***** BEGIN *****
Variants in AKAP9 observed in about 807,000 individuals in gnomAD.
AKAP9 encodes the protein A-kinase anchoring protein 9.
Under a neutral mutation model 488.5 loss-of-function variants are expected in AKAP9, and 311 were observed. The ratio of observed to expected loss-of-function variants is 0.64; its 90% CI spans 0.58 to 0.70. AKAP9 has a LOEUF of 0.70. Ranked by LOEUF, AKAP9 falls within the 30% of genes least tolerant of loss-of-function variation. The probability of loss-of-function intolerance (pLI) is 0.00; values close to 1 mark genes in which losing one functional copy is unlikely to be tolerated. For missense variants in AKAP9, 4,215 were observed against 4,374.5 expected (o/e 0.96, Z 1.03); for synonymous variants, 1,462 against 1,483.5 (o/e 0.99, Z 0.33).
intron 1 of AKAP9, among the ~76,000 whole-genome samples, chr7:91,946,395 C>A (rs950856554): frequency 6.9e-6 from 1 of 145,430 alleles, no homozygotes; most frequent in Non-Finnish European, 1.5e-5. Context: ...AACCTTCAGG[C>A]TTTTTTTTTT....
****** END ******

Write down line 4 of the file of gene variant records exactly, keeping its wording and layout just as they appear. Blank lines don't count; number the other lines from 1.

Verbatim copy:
intron 1 of AKAP9, among the ~76,000 whole-genome samples, chr7:91,946,395 C>A (rs950856554): frequency 6.9e-6 from 1 of 145,430 alleles, no homozygotes; most frequent in Non-Finnish European, 1.5e-5. Context: ...AACCTTCAGG[C>A]TTTTTTTTTT....